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Folk, Defense Lead Jets Past Saints 26-20

NEW JERSEY 101.5

Rex Ryan found plenty of things to brag about after his Jets upset the Saints 26-20 Sunday. His impressive string of wins over his twin wasn’t the main one.

Chris Ivory #33 of the New York Jets eludes the tackle of David Hawthorne #57 of the New Orleans Saints
Chris Ivory #33 of the New York Jets eludes the tackle of David Hawthorne #57 of the New Orleans Saints (Al Bello/Getty Images)

 


Head coach Rex Ryan (R) of the New York Jets and defensive coordinator Rob Ryan (L) of the New Orleans Saints pose for a photo with their father Buddy Ryan (C) on the field before the game at MetLife Stadium
Head coach Rex Ryan (R) of the New York Jets and defensive coordinator Rob Ryan (L) of the New Orleans Saints pose for a photo with their father Buddy Ryan (C) on the field before the game at MetLife Stadium (Ron Antonelli/Getty Images)

Oh, Rex mentioned beating brother Rob, the New Orleans defensive coordinator, for the seventh time in 10 matchups. How could he not, given the competitive nature of the twins, something they got from their father, Buddy, who went 55-55-1 as an NFL head coach? The 79-year-old Buddy was at the game.

But there were so many other aspects of yet another victory in an odd-numbered game that thrilled the Jets boss.

“All right, I beat my brother again. Just kidding,” Rex said with a laugh. “Yeah, there’s a little extra, but at the end of the day, now you realize that your bro just took a loss, so that’s the tough thing. I pull for them every single week except one.”

The Jets (5-4) win every other week. They tied the 2005 New England Patriots for the longest such string to begin a season, according to STATS.

This win was built on big plays by Rex’s pride and joy, the defense. The offense and special teams came up with some huge plays, too.

“We didn’t know how we’d win and all that, but we told our team, ‘All I know is we’ve got a team that believes and fights until the end and we find a way,’ ” Rex Ryan said. “And that’s really what we did.”

Nick Folk remained perfect this season by kicking four field goals, the defense held Drew Brees and the high-scoring Saints (6-2) to six points in the second half, and New York had seven plays of at least 19 yards against Rob Ryan’s D.

Rob was not made available to reporters by the Saints after the defeat.

Interceptions by Demario Davis and Antonio Cromartie and a fourth-and-inches stop highlighted New York’s solid defensive performance, and former Saints running back Chris Ivory rushed for 139 yards and a touchdown.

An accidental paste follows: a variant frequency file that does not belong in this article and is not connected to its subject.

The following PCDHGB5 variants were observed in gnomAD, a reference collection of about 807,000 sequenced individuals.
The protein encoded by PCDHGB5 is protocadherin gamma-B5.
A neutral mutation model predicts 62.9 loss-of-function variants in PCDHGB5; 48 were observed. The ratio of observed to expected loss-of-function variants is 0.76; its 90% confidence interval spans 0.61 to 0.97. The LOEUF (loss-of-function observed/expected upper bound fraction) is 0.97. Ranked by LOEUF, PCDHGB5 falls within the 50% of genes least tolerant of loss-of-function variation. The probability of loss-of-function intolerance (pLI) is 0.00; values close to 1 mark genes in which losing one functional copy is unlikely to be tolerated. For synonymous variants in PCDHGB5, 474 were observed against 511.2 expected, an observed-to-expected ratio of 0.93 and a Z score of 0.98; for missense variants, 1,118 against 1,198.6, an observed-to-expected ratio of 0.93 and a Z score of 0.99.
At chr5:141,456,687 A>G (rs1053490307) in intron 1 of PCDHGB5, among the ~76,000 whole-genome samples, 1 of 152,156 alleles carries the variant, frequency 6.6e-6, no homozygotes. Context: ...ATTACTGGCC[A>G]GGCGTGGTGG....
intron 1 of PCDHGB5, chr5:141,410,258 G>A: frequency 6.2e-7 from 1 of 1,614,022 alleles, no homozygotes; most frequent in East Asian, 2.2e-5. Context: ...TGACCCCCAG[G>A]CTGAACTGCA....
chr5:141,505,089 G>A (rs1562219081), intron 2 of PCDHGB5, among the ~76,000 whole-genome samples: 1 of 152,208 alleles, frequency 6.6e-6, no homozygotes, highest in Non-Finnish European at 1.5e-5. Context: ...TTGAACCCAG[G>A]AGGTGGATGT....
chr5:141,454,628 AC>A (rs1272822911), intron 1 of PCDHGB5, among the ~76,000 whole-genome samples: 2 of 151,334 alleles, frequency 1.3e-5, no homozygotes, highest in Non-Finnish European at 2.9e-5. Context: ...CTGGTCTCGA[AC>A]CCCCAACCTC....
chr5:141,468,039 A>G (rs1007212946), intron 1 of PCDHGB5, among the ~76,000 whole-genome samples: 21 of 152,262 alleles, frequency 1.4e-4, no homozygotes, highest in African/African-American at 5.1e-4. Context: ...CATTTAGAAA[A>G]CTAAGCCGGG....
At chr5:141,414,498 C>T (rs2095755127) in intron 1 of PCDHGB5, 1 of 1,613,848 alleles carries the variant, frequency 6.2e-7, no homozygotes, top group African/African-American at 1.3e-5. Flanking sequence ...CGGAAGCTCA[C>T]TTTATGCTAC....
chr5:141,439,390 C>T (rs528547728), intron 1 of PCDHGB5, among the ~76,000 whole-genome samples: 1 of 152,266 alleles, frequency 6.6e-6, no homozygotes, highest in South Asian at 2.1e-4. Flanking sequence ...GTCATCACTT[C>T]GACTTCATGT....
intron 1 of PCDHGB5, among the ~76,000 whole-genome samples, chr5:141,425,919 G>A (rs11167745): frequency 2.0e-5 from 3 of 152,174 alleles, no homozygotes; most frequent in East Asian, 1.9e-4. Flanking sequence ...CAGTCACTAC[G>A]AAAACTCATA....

Antonio Cromartie #31 of the New York Jets celebrates his interception in the second quarter
Antonio Cromartie #31 of the New York Jets celebrates his interception in the second quarter ( Al Bello/Getty Images)

“They did a really good job scheming us and figuring out how to get those runs on us, how to get Ivory the ball and get some positive plays on us,” said Saints linebacker Jonathan Vilma, who made his 2013 debut after recovering from a knee injury. “They did a very good job and deserved to win this game. Ivory got the ball and had 9 or 10 yards before someone touches him.”

Folk is 23 for 23 on field goals and 14 of 14 on extra points.

“Guys, how about that year?” Ryan said. “It’s not that it’s a given, but you think, ‘OK, Folk Hero, knock it through. Let’s go.’”

New Orleans got two touchdown catches from Jimmy Graham, giving him 10 this season, but did little in the second half, even resorting to a reverse to rookie tight end Josh Hill on fourth-and-inches in the final period.

The brothers hugged at midfield after the game.

The Jets’ offense was opportunistic after getting two takeaways. The second was not Brees’ fault: Nick Toon, son of former Jets star receiver Al Toon, had the ball pop off his hands late in the first half and high in the air, where Cromartie snagged it. That pick soothed the crowd that was getting on Cromartie for two major gaffes earlier in the second period.

Cromartie fell down on Robert Meachem’s 60-yard catch and run. Graham capped that 80-yard drive when he outmuscled Cromartie in the end zone for a 10-yard score.

 

Running back Bilal Powell #29 of the New York Jets is tackled by middle linebacker Curtis Lofton #50 of the New Orleans Saints
Running back Bilal Powell #29 of the New York Jets is tackled by middle linebacker Curtis Lofton #50 of the New Orleans Saints (Ron Antonelli/Getty Images)

Brees, who lost one of his favorite targets when Darren Sproles left early with a concussion, shook off a first-quarter interception by Davis with a 51-yard throw to Graham. The powerful tight end beat Jaiquawn Jarrett down the right sideline and dragged the safety the final 5 yards to the goal line.

Often, though, the Saints were out of sync, including using three timeouts on offense in the opening quarter. That cost them when they couldn’t challenge Cromartie’s interception, which led to Geno Smith’s 3-yard touchdown run.

Davis’ interception came on a ball tipped by teammate Dawan Landry, and led to Folk’s 39-yard field goal. Ivory gave New York’s offense its biggest boost with first-half runs of 27 and 52 yards. The second burst came from the Jets 2 and sparked a 93-yard drive to Folk’s second field goal, from 21 yards.

Ivory added a 3-yard TD run in the second quarter, and Folk hit a 47-yarder that barely sneaked over the crossbar, to start the second half.

Garrett Hartley, who missed earlier from 43, made a career-long 55-yarder, drawing the Saints within 23-17. Folk nailed another one, from 45 yards, in the fourth period, and Hartley countered with a 43-yarder.

(Copyright 2013 The Associated Press. All Rights Reserved)

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